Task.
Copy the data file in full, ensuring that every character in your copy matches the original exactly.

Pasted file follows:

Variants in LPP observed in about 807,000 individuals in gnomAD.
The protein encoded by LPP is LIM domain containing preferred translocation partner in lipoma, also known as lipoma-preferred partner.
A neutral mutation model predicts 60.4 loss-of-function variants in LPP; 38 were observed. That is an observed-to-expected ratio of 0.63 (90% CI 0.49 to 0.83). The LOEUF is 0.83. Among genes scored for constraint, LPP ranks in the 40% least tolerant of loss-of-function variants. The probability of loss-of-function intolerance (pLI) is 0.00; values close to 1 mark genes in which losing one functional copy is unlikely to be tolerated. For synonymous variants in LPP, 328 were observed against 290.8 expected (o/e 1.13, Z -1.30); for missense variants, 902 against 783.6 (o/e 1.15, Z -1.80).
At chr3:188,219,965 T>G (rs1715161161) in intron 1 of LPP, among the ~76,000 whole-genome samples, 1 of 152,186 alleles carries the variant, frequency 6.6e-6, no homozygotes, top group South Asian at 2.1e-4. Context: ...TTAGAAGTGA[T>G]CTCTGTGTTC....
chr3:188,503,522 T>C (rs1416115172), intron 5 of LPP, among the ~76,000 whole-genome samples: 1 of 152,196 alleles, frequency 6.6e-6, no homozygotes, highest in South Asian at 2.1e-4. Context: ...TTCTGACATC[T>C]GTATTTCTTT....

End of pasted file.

Variants in LPP observed in about 807,000 individuals in gnomAD.
The protein encoded by LPP is LIM domain containing preferred translocation partner in lipoma, also known as lipoma-preferred partner.
A neutral mutation model predicts 60.4 loss-of-function variants in LPP; 38 were observed. That is an observed-to-expected ratio of 0.63 (90% CI 0.49 to 0.83). The LOEUF is 0.83. Among genes scored for constraint, LPP ranks in the 40% least tolerant of loss-of-function variants. The probability of loss-of-function intolerance (pLI) is 0.00; values close to 1 mark genes in which losing one functional copy is unlikely to be tolerated. For synonymous variants in LPP, 328 were observed against 290.8 expected (o/e 1.13, Z -1.30); for missense variants, 902 against 783.6 (o/e 1.15, Z -1.80).
At chr3:188,219,965 T>G (rs1715161161) in intron 1 of LPP, among the ~76,000 whole-genome samples, 1 of 152,186 alleles carries the variant, frequency 6.6e-6, no homozygotes, top group South Asian at 2.1e-4. Context: ...TTAGAAGTGA[T>G]CTCTGTGTTC....
chr3:188,503,522 T>C (rs1416115172), intron 5 of LPP, among the ~76,000 whole-genome samples: 1 of 152,196 alleles, frequency 6.6e-6, no homozygotes, highest in South Asian at 2.1e-4. Context: ...TTCTGACATC[T>C]GTATTTCTTT....